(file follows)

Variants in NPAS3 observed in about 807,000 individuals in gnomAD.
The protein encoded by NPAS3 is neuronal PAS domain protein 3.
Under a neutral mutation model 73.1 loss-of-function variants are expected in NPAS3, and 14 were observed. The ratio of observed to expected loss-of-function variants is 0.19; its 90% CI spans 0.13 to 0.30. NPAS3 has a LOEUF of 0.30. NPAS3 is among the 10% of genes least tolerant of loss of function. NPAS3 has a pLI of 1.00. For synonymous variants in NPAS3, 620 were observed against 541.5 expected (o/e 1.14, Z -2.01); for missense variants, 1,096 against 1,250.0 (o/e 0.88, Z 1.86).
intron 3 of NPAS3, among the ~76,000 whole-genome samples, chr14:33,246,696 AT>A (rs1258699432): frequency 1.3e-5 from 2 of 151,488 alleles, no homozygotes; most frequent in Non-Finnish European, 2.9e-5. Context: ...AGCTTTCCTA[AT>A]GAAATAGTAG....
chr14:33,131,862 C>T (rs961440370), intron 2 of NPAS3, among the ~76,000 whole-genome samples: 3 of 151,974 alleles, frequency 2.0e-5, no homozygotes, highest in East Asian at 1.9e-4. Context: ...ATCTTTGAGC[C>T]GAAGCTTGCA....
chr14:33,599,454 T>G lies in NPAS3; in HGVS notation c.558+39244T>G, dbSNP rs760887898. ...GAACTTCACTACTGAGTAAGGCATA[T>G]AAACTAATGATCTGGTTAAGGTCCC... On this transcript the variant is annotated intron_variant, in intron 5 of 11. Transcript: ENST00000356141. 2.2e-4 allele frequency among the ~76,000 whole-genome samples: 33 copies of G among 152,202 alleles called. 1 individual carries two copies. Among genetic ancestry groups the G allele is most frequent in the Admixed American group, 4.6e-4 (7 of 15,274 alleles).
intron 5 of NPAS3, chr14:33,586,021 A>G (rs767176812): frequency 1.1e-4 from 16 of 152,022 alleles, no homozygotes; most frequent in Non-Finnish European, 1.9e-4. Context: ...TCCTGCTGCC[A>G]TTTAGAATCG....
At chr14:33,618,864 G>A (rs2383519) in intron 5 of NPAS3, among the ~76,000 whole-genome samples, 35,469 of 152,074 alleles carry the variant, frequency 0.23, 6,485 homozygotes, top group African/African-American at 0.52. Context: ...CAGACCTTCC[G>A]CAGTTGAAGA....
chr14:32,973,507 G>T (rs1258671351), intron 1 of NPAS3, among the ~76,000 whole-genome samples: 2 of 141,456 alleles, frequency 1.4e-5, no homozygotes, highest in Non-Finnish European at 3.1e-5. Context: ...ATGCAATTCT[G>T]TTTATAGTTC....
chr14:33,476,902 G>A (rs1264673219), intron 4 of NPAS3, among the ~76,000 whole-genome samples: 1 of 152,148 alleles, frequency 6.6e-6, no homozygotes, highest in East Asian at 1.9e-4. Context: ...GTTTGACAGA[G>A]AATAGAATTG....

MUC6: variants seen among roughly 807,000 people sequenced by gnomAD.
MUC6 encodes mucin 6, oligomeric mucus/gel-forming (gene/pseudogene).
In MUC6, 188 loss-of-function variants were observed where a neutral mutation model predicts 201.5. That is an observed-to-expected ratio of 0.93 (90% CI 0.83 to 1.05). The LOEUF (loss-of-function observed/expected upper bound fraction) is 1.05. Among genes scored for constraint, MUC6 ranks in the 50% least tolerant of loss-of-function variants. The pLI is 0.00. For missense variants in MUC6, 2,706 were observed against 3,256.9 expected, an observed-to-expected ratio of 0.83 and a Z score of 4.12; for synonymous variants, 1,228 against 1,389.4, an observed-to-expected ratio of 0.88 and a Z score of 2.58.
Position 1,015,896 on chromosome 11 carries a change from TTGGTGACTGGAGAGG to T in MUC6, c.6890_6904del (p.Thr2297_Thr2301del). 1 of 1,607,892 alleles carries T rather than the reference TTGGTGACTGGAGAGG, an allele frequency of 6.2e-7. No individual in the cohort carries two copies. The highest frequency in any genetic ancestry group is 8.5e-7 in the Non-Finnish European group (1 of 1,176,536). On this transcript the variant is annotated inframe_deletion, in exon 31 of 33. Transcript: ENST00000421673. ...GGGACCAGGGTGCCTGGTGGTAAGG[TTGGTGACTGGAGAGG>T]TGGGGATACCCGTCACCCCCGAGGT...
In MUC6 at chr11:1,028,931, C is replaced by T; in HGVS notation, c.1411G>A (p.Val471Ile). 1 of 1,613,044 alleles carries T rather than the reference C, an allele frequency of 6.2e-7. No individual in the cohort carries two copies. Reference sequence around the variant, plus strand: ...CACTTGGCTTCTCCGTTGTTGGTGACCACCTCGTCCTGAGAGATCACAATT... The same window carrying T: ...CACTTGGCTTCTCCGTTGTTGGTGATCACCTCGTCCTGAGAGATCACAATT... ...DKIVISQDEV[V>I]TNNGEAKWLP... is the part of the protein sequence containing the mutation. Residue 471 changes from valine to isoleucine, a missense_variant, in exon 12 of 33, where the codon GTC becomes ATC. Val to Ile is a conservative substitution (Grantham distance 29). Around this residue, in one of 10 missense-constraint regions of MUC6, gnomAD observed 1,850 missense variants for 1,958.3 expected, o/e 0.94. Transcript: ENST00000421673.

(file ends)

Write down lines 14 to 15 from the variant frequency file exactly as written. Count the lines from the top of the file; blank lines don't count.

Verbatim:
Position 1,015,896 on chromosome 11 carries a change from TTGGTGACTGGAGAGG to T in MUC6, c.6890_6904del (p.Thr2297_Thr2301del). 1 of 1,607,892 alleles carries T rather than the reference TTGGTGACTGGAGAGG, an allele frequency of 6.2e-7. No individual in the cohort carries two copies. The highest frequency in any genetic ancestry group is 8.5e-7 in the Non-Finnish European group (1 of 1,176,536). On this transcript the variant is annotated inframe_deletion, in exon 31 of 33. Transcript: ENST00000421673. ...GGGACCAGGGTGCCTGGTGGTAAGG[TTGGTGACTGGAGAGG>T]TGGGGATACCCGTCACCCCCGAGGT...
In MUC6 at chr11:1,028,931, C is replaced by T; in HGVS notation, c.1411G>A (p.Val471Ile). 1 of 1,613,044 alleles carries T rather than the reference C, an allele frequency of 6.2e-7. No individual in the cohort carries two copies. Reference sequence around the variant, plus strand: ...CACTTGGCTTCTCCGTTGTTGGTGACCACCTCGTCCTGAGAGATCACAATT... The same window carrying T: ...CACTTGGCTTCTCCGTTGTTGGTGATCACCTCGTCCTGAGAGATCACAATT... ...DKIVISQDEV[V>I]TNNGEAKWLP... is the part of the protein sequence containing the mutation. Residue 471 changes from valine to isoleucine, a missense_variant, in exon 12 of 33, where the codon GTC becomes ATC. Val to Ile is a conservative substitution (Grantham distance 29). Around this residue, in one of 10 missense-constraint regions of MUC6, gnomAD observed 1,850 missense variants for 1,958.3 expected, o/e 0.94. Transcript: ENST00000421673.